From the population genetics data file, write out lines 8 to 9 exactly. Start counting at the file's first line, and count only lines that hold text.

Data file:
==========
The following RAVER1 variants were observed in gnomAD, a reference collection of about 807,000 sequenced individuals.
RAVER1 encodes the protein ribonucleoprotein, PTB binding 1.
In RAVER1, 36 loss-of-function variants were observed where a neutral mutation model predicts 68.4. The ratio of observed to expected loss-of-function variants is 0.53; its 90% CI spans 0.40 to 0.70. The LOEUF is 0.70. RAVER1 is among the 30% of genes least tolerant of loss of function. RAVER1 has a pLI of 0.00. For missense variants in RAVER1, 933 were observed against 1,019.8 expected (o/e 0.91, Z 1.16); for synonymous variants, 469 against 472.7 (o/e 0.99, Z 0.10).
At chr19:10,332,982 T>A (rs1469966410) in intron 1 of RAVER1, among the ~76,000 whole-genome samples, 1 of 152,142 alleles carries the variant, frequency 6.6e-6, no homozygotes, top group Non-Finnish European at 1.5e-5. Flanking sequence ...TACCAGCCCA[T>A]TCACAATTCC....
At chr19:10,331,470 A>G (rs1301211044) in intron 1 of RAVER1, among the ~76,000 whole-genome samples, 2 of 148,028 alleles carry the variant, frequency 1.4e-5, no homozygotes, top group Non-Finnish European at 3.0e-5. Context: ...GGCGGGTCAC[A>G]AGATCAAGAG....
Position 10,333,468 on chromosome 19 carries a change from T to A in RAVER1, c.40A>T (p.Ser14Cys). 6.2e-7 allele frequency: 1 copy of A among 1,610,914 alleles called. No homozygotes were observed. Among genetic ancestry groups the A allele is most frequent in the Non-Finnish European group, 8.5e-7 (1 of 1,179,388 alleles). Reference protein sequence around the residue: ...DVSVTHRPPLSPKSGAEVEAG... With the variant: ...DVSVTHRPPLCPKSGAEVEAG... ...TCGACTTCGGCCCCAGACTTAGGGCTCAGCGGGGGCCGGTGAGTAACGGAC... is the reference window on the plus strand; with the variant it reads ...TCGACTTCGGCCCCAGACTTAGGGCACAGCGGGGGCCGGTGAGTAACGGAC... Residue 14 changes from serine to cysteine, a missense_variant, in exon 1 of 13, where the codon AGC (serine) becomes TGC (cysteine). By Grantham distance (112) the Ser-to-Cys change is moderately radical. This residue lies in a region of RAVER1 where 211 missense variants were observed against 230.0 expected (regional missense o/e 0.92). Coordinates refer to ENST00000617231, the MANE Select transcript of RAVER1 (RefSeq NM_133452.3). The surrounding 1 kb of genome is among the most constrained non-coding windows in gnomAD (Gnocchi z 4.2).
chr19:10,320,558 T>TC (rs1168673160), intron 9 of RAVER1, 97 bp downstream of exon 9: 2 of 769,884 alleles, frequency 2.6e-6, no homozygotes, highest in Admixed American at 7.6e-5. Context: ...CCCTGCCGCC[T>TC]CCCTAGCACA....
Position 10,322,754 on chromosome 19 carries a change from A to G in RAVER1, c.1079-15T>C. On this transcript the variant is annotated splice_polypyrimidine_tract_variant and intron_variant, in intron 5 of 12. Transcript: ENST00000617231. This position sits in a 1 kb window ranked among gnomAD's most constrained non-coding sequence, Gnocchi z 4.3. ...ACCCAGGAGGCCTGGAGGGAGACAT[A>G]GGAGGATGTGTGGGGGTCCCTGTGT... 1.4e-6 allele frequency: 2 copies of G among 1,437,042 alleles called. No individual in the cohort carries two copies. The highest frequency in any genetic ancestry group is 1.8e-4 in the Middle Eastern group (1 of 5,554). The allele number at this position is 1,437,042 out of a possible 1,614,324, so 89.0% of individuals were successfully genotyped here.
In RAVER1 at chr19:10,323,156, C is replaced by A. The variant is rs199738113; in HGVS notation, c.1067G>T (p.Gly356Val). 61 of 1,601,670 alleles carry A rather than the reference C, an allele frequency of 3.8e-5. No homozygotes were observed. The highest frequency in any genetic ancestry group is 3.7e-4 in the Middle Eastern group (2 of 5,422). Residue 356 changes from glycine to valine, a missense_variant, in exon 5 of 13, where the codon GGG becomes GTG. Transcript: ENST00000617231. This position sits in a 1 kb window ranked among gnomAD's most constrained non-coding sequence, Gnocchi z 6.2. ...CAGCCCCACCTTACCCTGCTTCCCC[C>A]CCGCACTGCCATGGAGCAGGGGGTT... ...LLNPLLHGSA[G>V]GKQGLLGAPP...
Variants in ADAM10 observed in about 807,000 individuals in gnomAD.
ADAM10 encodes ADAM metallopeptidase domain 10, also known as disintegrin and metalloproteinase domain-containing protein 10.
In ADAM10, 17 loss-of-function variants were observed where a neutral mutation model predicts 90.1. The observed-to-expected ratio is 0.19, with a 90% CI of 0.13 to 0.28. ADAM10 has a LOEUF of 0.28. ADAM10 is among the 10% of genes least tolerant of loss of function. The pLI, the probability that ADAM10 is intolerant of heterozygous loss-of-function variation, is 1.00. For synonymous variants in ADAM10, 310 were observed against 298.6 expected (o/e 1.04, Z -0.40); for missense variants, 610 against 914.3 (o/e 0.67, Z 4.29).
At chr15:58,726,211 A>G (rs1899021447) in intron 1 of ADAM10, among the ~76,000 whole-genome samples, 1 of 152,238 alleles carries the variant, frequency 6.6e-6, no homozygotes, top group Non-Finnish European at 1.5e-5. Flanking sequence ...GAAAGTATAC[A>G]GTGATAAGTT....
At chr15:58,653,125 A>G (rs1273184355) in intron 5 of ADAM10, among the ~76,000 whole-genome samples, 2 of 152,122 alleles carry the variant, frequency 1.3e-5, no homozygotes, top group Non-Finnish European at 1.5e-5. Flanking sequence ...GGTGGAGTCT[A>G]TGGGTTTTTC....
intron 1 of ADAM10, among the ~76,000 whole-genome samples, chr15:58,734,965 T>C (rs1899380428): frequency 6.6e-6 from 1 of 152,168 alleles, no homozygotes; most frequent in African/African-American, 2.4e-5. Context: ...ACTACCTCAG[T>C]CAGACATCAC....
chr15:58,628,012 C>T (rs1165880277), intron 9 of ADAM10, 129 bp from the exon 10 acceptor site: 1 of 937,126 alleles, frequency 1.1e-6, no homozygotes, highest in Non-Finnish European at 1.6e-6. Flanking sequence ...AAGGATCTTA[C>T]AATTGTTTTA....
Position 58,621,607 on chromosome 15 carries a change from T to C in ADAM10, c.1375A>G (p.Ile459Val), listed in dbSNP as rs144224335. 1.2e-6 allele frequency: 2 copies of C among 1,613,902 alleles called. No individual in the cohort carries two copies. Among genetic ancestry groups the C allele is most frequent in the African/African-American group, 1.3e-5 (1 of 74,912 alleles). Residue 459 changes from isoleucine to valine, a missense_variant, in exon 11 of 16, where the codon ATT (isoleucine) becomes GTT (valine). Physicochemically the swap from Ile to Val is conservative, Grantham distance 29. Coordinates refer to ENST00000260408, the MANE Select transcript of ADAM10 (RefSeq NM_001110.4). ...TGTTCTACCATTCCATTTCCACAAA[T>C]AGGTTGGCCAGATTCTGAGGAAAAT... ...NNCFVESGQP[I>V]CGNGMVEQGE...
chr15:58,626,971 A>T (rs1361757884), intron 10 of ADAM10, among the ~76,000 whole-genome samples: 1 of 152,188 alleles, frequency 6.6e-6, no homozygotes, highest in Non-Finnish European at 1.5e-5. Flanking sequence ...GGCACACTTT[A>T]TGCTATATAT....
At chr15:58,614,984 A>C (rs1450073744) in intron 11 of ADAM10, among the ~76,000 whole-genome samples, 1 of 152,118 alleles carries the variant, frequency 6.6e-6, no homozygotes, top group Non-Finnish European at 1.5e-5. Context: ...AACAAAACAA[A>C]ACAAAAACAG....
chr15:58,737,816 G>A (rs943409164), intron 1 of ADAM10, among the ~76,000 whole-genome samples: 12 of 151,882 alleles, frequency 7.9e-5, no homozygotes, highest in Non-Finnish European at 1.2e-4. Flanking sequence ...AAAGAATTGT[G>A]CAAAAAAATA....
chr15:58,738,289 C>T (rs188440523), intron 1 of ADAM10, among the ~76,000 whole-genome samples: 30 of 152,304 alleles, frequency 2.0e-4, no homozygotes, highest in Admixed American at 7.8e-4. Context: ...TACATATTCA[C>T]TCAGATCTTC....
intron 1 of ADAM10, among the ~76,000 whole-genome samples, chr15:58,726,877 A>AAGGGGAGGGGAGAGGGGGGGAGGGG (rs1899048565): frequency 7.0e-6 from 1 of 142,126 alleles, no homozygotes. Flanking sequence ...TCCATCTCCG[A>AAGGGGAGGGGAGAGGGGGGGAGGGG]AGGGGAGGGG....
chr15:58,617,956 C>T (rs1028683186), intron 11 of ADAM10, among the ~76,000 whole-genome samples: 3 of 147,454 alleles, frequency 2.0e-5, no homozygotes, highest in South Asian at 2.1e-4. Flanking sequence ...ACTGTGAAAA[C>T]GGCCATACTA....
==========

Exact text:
Position 10,322,754 on chromosome 19 carries a change from A to G in RAVER1, c.1079-15T>C. On this transcript the variant is annotated splice_polypyrimidine_tract_variant and intron_variant, in intron 5 of 12. Transcript: ENST00000617231. This position sits in a 1 kb window ranked among gnomAD's most constrained non-coding sequence, Gnocchi z 4.3. ...ACCCAGGAGGCCTGGAGGGAGACAT[A>G]GGAGGATGTGTGGGGGTCCCTGTGT... 1.4e-6 allele frequency: 2 copies of G among 1,437,042 alleles called. No individual in the cohort carries two copies. The highest frequency in any genetic ancestry group is 1.8e-4 in the Middle Eastern group (1 of 5,554). The allele number at this position is 1,437,042 out of a possible 1,614,324, so 89.0% of individuals were successfully genotyped here.
In RAVER1 at chr19:10,323,156, C is replaced by A. The variant is rs199738113; in HGVS notation, c.1067G>T (p.Gly356Val). 61 of 1,601,670 alleles carry A rather than the reference C, an allele frequency of 3.8e-5. No homozygotes were observed. The highest frequency in any genetic ancestry group is 3.7e-4 in the Middle Eastern group (2 of 5,422). Residue 356 changes from glycine to valine, a missense_variant, in exon 5 of 13, where the codon GGG becomes GTG. Transcript: ENST00000617231. This position sits in a 1 kb window ranked among gnomAD's most constrained non-coding sequence, Gnocchi z 6.2. ...CAGCCCCACCTTACCCTGCTTCCCC[C>A]CCGCACTGCCATGGAGCAGGGGGTT... ...LLNPLLHGSA[G>V]GKQGLLGAPP...